Daily Jefferson: On June 28, 1776 a Draft of the Declaration of Independence was Given to Congress

The Declaration of Independence was one of the three accomplishments Thomas Jefferson wanted written on his tombstone. His tombstone reads:

HERE WAS BURIED
THOMAS JEFFERSON
AUTHOR OF THE 
DECLARATION OF
AMERICAN INDEPENDENCE
OF THE STATUTE OF VIRGINIA 
FOR RELIGIOUS FREEDOM
AND FATHER OF THE 
UNIVERSITY OF VIRGINIA

Today in 1776, the draft of the Declaration of Independence written by Jefferson and edited by the remaining committee members (Benjamin Franklin, John Adams, Roger Sherman, and Robert Livingston) was given to the delegates assembled from the colonies to discuss.
From the Library of Congress website:

Thomas Jefferson drafted the Declaration of Independence in Philadelphia behind a veil of Congressionally imposed secrecy in June 1776 for a country wracked by military and political uncertainties. In anticipation of a vote for independence, the Continental Congress on June 11 appointed Thomas Jefferson, John Adams, Benjamin Franklin, Roger Sherman, and Robert R. Livingston as a committee to draft a declaration of independence. The committee then delegated Thomas Jefferson to undertake the task. Jefferson worked diligently in private for days to compose a document. Proof of the arduous nature of the work can be seen in the fragment of the first known composition draft of the declaration, which is on public display here for the first time.
Jefferson then made a clean or “fair” copy of the composition declaration, which became the foundation of the document, labeled by Jefferson as the “original Rough draught.” Revised first by Adams, then by Franklin, and then by the full committee, a total of forty-seven alterations including the insertion of three complete paragraphs was made on the text before it was presented to Congress on June 28. After voting for independence on July 2, the Congress then continued to refine the document, making thirty-nine additional revisions to the committee draft before its final adoption on the morning of July 4. The “original Rough draught” embodies the multiplicity of corrections, additions and deletions that were made at each step. Although most of the alterations are in Jefferson’s handwriting (Jefferson later indicated the changes he believed to have been made by Adams and Franklin), quite naturally he opposed many of the changes made to his document.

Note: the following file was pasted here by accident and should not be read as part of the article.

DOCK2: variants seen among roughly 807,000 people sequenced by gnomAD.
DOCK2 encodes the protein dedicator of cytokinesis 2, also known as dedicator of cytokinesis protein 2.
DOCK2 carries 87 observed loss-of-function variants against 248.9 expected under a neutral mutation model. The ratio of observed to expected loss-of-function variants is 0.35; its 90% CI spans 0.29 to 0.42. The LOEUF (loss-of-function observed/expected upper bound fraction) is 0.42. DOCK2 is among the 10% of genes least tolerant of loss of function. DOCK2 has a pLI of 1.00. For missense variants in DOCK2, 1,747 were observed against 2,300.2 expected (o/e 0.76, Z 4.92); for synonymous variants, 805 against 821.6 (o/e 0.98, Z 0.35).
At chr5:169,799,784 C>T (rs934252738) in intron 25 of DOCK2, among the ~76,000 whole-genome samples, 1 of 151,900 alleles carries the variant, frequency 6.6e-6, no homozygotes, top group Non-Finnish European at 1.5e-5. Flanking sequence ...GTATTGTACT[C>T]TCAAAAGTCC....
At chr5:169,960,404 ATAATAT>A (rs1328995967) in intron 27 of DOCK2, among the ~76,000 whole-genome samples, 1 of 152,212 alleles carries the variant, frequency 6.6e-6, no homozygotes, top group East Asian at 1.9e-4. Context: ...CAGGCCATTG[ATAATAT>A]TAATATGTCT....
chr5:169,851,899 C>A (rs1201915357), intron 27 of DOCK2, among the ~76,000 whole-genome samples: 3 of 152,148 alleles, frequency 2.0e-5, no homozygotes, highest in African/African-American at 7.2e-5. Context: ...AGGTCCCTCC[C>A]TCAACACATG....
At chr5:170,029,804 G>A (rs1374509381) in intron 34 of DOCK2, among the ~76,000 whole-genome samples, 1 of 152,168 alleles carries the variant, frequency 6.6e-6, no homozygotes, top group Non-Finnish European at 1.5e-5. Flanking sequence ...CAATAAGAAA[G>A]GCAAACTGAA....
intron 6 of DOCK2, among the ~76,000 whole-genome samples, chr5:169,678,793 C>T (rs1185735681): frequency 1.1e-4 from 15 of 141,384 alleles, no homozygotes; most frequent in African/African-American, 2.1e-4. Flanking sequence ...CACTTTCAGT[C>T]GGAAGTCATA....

Daily Jefferson: June 27, 1813 Letter to John Adams

Jefferson wrote to Adams on June 27, 1813:

the summum bonum with me is now truly Epicurean, ease of body and tranquility of mind; and to these I wish to consign my remaining days.

He did a lot of Epicurean pursuits in his older age, but he did not completely retire from public life. He had a major hand in directing the development of the University of Virginia toward the end of his life.

Glenn Beck Says David Barton Has a PhD in Education

It certainly appears that Beck meant his remarks to be taken seriously. Watch:
[youtube]http://youtu.be/g3tKEVq0ENA[/youtube]
The transcript of the interview is here with the relevant section below:

GLENN: Bless you too. David Barton. President of Wall Builders. You know, we should call him Dr. Barton. You know, he has his PhD I think in history and education. Too many people just dismiss him as — as — you know, oh, just some guy who thinks he knows history. No, he has his doctorate in hist…education and he’s a brilliant, brilliant man.

I have never heard that claim before. The only education I know about is a BA in religious education from Oral Roberts University. Barton’s bio doesn’t mention it. I am pretty sure we would have heard about that before now.
Perhaps Barton was off the phone, but I think he should correct the record now. If you listen to Beck and Barton, Mr. Barton has a PhD in education, played Division I basketball while in college on a record setting team, and translated for the Russian national gymnastics team.
I wonder if Barton also told the truth about chopping down a cherry tree.

Reaction to the Supreme Court Ruling Requiring Recognition of Same-Sex Marriages

In the most anticipated decision of the term, the Supreme Court this morning ruled that

The Fourteenth Amendment requires a State to license a marriage between two people of the same sex and to recognize a marriage between two people of the same sex when their marriage was lawfully licensed and performed out-of-State.

The decision is here.
Reaction was swift.
Russell Moore representing the Southern Baptists: Don’t panic, articulate a counter-cultural view of marriage. Watch:
[youtube]https://youtu.be/qsp59P1sFro[/youtube]
GOP presidential candidate Scott Walker: “I believe this Supreme Court decision is a grave mistake. Five unelected judges have taken it upon themselves to redefine the institution of marriage, an institution that the author of this decision acknowledges ‘has been with us for millennia.’”